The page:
Neither are technophiles. Trump according to many reports does not use email nor own a personal computer, preferring to tweet on his smartphone at night, and Arnault said in his interview with The Telegraph, “I’ve no email––just a phone, and I would never text, just call.”
But for all their similarities, it is what separates them that is most revealing.
International Star Power
Tall, lean, and tailored in midnight blue Dior Homme, Arnault shuns publicity, rarely gives interviews, and doesn’t court celebrity. Trump, lurching for the spotlight in limply-fitted navy with a dangling red tie possibly intended as a hasty nod to patriotism but hardly qualifying as dapper, is a former reality star who continues to boast about his ratings as host of The Apprentice and obsess over the size of his inauguration crowd versus Obama’s.
With a reported six bankruptcies to his name, a slew of law suits by and against him, and his divisive politics ensuring liberals boycott his hotels, business doesn’t run smoothly for Trump. Even his White House cabinet has been rocked by daily tumult such as the resignation of his National Security Advisor amid scandal, the senate’s rejection of his Secretary of Labor pick, media outlets banning Senior Counsellor, Kellyanne Conway, due to a perceived lack of credibility, and weekly parody of his Communications Director, Sean Spicer, by Saturday Night Live.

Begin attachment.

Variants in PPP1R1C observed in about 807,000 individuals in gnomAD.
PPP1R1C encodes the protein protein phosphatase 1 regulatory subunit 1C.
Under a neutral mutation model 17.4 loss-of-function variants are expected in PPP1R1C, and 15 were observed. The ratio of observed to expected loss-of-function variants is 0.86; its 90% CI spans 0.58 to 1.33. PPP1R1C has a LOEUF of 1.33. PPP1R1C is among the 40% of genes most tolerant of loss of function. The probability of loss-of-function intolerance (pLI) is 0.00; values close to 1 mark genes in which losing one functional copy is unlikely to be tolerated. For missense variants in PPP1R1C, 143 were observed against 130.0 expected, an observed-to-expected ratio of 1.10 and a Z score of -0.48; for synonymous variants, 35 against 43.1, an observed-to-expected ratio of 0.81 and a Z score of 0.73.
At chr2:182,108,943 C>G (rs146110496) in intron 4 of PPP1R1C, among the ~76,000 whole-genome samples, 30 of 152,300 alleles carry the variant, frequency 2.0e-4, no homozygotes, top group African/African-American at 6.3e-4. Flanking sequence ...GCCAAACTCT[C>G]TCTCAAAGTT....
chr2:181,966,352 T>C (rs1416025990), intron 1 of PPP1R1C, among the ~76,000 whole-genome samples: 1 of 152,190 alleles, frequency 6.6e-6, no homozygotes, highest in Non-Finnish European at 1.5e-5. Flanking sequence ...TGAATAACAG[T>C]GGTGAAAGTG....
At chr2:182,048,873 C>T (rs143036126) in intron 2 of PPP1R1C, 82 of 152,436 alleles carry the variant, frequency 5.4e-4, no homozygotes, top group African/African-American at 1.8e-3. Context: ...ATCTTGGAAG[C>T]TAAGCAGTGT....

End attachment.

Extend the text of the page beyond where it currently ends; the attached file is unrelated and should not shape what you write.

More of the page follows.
Arnault, since 1987 when he smoothly mediated conflict between the CEO of Moet Hennessy and the president of Louis Vuitton thereby positioning himself to become the merger’s largest shareholder, has built an empire of 70 brands, among them Dior, Celine, Veuve Clicquot and Bulgari. Each brand’s individual success is attributed to Arnault’s policy of allowing it to operate independently, and promote its own point of view and identity. Incidentally, two have even spoken out against Trump and his policies, Marc Jacobs and Kenzo.
Certainly there is no comparison between the assembling of a cabinet in three weeks versus an empire over thirty years, but as we already seem to be witnessing the wheels falling off the Trump Administration it might be time for some self-evaluation.
The Balance of Power
Arnault has earned the sobriquet of “a wolf in cashmere” for his steely appraisal and stealthy acquisition of the right brands for his stable. Trump’s Twitter meltdowns, bungled roll-out of controversial Muslim ban (subsequently described as “not a ban”), antagonistic dialogue with foreign leaders, and handshake that resembles an arm wrestling match call to mind a bull in a china shop.